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Abrams Could Not Work on THE CLOVERFIELD PARADOX due to STAR WARS Commitments


Back in 2008, when the first Cloverfield film was released, J.J. Abrams had only dabbled in “Franchise Land” with Mission: Impossible III. Shortly after that, he rebooted Star Trek and his career exploded. It became even more legendary when he brought another franchise into the present day when directing Star Wars: The Force Awakens.

Meanwhile, Paramount followed the Hollywood trends and went into franchise mode, making a second loosely connected film to the original Cloverfield called 10 Cloverfield Lane, which originally was a standalone movie called The Cellar. They did the same thing when Bad Robot, Abram’s production company, bought up a script called The God Particle, which eventually became The Cloverfield Paradox.

Abrams, who had produced the original film and its follow up had plans to work on the post-production of The Cloverfield Paradox before it was released in theaters by Paramount.

Then things changed. Abrams was lured back to a galaxy far, far away to finish what he started and write and direct Star Wars: Episode IX.  He no longer had time to work on The Cloverfield Paradox. Paramount took a long look at their properties and gauged what was theatrical and what wasn’t in this day and age of streaming. They deemed that Paradox was not, and sold it to Netflix, who surprised everyone and released it on their platform mere hours after the first ever trailer during Super Bowl LII.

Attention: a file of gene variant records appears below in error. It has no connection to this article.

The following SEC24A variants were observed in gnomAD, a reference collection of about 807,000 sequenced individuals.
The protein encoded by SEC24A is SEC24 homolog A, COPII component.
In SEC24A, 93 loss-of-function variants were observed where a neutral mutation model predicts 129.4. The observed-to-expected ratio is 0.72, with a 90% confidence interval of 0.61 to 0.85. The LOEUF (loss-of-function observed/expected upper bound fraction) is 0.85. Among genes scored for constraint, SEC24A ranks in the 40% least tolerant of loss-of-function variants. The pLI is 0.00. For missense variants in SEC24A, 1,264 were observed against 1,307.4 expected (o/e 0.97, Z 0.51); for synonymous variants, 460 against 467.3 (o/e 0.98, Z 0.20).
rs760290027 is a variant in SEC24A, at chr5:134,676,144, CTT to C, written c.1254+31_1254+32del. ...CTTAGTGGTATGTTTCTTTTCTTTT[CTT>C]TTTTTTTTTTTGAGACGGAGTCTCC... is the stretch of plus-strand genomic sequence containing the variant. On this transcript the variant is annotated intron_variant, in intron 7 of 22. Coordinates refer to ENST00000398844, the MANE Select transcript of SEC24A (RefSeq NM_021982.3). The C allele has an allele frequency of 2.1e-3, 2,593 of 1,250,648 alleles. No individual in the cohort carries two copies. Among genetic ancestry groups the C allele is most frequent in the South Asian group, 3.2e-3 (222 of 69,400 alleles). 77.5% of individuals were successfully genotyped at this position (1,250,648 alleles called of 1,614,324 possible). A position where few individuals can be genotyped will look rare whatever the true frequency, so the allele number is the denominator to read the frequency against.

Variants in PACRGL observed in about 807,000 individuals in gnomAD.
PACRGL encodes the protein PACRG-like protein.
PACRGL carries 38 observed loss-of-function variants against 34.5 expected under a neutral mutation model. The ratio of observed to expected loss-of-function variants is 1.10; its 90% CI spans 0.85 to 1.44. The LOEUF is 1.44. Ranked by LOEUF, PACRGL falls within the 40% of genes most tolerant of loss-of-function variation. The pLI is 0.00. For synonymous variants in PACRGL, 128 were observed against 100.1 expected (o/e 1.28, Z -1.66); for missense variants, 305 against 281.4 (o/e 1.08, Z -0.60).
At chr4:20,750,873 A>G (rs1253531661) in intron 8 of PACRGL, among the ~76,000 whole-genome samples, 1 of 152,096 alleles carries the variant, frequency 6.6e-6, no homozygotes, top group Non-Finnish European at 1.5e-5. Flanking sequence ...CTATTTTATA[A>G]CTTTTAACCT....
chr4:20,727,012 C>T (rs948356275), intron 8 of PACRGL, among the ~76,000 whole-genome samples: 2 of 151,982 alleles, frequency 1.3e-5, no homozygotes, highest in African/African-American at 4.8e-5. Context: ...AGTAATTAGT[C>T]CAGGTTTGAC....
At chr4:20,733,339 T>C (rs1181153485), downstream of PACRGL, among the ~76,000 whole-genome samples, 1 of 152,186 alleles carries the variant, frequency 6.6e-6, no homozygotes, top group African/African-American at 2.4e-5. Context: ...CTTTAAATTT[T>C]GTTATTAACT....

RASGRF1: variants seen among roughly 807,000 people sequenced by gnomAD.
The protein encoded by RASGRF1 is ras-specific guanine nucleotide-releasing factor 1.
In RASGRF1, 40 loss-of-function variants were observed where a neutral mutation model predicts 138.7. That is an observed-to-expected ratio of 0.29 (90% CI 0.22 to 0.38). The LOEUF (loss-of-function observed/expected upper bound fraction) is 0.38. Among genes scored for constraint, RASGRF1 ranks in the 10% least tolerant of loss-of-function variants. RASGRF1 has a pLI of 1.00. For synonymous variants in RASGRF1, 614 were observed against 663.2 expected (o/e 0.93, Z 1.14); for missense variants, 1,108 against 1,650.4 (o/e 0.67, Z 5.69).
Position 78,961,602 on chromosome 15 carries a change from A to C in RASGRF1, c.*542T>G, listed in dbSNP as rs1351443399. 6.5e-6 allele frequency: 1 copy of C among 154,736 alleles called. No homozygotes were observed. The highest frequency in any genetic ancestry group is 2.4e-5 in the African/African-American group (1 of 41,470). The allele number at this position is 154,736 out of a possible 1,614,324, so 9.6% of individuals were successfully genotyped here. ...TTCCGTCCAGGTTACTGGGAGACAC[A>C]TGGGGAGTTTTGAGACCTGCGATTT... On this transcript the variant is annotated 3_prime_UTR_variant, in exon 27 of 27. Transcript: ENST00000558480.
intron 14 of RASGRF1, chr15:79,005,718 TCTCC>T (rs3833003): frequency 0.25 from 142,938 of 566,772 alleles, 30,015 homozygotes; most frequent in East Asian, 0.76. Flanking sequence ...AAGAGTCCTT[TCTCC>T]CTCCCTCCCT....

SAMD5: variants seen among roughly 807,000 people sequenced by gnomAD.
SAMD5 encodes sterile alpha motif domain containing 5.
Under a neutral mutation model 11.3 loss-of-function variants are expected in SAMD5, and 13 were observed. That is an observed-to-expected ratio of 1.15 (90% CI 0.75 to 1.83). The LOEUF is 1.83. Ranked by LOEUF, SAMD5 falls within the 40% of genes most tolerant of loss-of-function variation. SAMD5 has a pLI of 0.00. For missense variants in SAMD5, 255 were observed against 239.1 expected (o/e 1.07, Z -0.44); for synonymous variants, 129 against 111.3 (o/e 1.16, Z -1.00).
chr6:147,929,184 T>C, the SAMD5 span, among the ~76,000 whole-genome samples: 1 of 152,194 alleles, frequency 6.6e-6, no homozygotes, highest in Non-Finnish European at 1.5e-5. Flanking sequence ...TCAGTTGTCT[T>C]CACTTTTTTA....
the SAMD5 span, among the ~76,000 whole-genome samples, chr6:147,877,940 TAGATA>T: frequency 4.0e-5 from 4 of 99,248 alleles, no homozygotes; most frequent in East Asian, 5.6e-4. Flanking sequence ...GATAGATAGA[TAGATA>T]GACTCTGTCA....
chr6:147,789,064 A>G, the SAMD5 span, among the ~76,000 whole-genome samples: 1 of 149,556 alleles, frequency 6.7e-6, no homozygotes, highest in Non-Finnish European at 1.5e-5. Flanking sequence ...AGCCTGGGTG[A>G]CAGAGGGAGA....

The gimmick of the release didn’t seem to last long, and the film was panned by critics. Having the “Cloverfield” name in the title seems to have hurt the brand in the long run. Audiences are used to tightly interconnected universes now, and expect more from movies that say they are intertwined. There are already plans for a fourth movie in the franchise, but again, that was a script that was something else called Overlord first, then adapted to fit this universe. What we need is a tried and true genuine Cloverfield sequel that binds all of these films together to make the universe a little more cohesive. I am curious as to how different The Cloverfield Paradox would have been with Abrams’s involvement. Would it be better, worse, or just a bit different? We will probably never know.



Matt Vernier

Lifelong geek who is passionate about movies. I review things on my blog: I can be found on Twitter @Iceman525 and by email: Almost a Revenger on

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